Nearly all of the United States have some form of balanced budget requirement for their state government, either through the state constitution or by state law. In theory, balanced budget requirements constrain governments from spending beyond their means, borrowing to make up the difference, and shifting the costs of government to future citizens and taxpayers.
In practice, however, the wording of legal requirements combine with accounting standards developed by the Governmental Accounting Standards Board (GASB) to render those requirements toothless, at best, in more than a few states (such as Illinois) that have dug massive holes in the unrestricted net position reported on their balance sheet.
I said “at best” for a reason. At worst, the advertised cure has helped spread the disease. Politicians can claim they balanced the budget and were responsible stewards, even as they run up the credit cards. The law and the accounting can grease the wheels for deceptive efforts to mollify the masses.
Today, a new document appeared at the State of Illinois’ Office of Management and Budget website, titled Fiscal Year 2021 Budget Highlights. The document included a table summarizing the “resources” (totaling nearly $43 billion) and “expenditures” (totaling $42.9 billion), leading to general funds “surplus” of $87 million.
But look closely at those resources. They include, as authorized under GASB standards, a line item called “Federal Stabilization/Municipal Liquidity Facility,” and another item called “P.A. 101-0008 Revenues/Section 7.6 GO Bond Borrowing.” These two items each have their own two items, for important reasons.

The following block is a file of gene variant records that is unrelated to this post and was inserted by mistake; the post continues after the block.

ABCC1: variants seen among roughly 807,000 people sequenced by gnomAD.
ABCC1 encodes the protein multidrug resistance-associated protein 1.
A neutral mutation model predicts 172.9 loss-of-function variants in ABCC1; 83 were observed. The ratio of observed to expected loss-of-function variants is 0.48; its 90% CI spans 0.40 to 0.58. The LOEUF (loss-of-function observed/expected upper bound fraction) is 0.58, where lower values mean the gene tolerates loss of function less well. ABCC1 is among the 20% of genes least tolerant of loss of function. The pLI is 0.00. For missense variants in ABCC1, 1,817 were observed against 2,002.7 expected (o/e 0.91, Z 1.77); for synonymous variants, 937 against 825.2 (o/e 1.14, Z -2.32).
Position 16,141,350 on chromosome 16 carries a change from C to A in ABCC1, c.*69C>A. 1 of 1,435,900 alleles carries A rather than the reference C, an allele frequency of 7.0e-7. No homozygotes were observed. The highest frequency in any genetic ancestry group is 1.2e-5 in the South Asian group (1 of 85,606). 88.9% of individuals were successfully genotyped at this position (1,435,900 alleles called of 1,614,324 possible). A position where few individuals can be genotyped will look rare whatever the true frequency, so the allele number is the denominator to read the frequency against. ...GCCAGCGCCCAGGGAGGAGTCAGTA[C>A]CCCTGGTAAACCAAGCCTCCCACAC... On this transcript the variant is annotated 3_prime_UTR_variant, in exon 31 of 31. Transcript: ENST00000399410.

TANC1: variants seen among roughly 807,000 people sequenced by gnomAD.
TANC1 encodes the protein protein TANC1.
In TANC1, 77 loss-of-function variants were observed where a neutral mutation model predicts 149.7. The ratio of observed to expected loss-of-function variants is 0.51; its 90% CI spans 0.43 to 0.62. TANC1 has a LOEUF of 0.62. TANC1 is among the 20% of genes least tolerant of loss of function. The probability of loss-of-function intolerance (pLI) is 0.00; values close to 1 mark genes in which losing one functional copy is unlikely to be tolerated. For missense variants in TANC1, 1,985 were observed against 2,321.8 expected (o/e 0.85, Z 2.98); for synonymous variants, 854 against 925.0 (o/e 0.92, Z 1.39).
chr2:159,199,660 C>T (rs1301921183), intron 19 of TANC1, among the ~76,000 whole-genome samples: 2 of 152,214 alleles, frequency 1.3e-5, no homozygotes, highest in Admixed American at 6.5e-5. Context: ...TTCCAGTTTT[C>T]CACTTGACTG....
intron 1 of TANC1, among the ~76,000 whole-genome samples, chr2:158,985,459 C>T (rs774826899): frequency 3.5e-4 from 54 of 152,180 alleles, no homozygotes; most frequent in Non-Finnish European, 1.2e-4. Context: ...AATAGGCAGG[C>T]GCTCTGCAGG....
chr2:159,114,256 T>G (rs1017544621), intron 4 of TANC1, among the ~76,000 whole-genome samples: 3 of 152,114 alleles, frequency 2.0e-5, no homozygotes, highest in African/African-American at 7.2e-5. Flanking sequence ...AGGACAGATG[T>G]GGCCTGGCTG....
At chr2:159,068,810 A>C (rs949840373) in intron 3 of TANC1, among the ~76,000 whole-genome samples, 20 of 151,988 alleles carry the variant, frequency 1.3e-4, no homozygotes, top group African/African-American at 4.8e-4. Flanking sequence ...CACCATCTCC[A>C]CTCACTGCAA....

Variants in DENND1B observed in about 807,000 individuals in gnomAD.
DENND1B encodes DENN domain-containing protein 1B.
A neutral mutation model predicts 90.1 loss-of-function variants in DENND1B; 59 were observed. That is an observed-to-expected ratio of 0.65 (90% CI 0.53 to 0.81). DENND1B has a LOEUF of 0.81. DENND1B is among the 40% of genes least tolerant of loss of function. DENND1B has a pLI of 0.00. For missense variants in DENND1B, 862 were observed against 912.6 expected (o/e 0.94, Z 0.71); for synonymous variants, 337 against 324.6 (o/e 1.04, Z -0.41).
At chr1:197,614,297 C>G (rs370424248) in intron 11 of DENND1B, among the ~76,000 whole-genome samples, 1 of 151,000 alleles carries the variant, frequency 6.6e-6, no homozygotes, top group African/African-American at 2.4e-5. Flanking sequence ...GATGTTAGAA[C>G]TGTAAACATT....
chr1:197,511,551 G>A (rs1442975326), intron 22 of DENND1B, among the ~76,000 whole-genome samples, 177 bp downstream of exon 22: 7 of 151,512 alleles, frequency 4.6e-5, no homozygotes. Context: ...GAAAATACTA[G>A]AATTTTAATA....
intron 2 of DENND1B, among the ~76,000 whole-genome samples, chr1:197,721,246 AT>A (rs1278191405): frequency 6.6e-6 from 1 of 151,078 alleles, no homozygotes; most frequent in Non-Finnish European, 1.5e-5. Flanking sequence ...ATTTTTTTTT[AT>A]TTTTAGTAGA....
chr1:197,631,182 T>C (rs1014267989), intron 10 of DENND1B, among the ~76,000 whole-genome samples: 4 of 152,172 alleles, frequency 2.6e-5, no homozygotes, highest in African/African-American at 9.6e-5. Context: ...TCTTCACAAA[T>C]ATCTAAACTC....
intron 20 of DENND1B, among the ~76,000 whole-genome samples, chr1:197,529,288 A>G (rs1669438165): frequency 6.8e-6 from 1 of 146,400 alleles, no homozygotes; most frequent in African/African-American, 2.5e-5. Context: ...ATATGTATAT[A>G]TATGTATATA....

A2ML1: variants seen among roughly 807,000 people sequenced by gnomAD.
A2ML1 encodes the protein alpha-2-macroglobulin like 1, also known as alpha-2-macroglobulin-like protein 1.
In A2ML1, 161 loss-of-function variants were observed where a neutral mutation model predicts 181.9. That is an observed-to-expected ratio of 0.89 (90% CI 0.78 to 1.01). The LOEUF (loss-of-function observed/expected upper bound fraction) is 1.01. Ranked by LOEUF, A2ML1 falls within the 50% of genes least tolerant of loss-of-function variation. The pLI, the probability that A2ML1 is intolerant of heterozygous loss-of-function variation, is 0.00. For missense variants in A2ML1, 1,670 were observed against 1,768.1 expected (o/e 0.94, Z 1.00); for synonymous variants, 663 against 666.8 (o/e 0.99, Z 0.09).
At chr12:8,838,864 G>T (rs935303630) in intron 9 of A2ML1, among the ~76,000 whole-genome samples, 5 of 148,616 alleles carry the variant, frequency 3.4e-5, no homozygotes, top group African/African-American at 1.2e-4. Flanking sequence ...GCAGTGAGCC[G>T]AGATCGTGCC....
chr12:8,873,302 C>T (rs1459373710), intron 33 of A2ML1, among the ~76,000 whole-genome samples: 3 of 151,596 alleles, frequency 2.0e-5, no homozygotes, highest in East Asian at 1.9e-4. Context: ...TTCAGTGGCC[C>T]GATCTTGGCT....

The “Federal Stabilization/Municipal Liquidity Facility” line anticipates $5 billion from either federal aid or, if that doesn’t arrive, borrowing proceeds from legally questionable loans from the Federal Reserve Bank of New York. The “P.A. 101-0008 Revenues/Section 7.6 GO Bond Borrowing” line anticipates $1.3 billion either from higher income tax revenue if a state constitutional amendment passes or, if that doesn’t arrive, proceeds from issuing more bonds.
In other words, Illinois can have a surplus, and balance its budget, by borrowing money! This oxymoron is brought to you by funds accounting practices authorized by the GASB.
Back in August 2019, David Crane and George Schultz penned a prophetic op-ed in the San Francisco Chronicle, titled “It’s Time for Truth in State and Local Government Finances.” They argued that "The next recession will expose those state and local governments that have used GASB's permissive rules to cover up deep financial problems, potentially forcing the federal government to step in to finance core public services."
Now, here we are.